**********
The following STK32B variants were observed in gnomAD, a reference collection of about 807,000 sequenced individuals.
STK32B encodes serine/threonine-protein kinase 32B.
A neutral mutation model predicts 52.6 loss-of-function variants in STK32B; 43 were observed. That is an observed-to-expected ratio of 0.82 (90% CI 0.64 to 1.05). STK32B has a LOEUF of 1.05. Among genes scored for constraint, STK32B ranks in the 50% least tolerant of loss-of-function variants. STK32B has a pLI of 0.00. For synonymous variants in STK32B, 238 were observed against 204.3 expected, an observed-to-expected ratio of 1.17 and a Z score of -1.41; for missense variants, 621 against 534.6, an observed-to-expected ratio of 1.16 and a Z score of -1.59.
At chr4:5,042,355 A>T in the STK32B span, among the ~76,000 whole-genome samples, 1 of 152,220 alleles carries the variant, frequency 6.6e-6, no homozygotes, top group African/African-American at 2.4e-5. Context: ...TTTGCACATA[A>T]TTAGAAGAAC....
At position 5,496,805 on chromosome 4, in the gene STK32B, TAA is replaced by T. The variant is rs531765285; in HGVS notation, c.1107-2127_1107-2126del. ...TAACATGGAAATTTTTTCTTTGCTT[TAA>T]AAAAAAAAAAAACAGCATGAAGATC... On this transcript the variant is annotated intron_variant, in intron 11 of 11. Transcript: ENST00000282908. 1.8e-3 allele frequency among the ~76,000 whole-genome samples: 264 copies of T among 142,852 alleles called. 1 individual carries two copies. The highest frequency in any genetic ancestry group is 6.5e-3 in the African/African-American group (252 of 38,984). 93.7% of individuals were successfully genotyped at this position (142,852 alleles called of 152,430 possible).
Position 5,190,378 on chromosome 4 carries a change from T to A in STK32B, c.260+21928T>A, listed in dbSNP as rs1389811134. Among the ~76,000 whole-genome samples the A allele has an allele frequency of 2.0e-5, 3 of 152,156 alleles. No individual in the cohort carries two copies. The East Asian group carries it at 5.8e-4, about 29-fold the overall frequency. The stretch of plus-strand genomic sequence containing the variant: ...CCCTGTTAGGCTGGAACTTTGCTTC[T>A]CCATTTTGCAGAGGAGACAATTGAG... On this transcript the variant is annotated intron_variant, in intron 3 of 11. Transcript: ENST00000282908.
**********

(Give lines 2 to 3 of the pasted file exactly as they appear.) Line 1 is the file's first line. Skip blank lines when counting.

STK32B encodes serine/threonine-protein kinase 32B.
A neutral mutation model predicts 52.6 loss-of-function variants in STK32B; 43 were observed. That is an observed-to-expected ratio of 0.82 (90% CI 0.64 to 1.05). STK32B has a LOEUF of 1.05. Among genes scored for constraint, STK32B ranks in the 50% least tolerant of loss-of-function variants. STK32B has a pLI of 0.00. For synonymous variants in STK32B, 238 were observed against 204.3 expected, an observed-to-expected ratio of 1.17 and a Z score of -1.41; for missense variants, 621 against 534.6, an observed-to-expected ratio of 1.16 and a Z score of -1.59.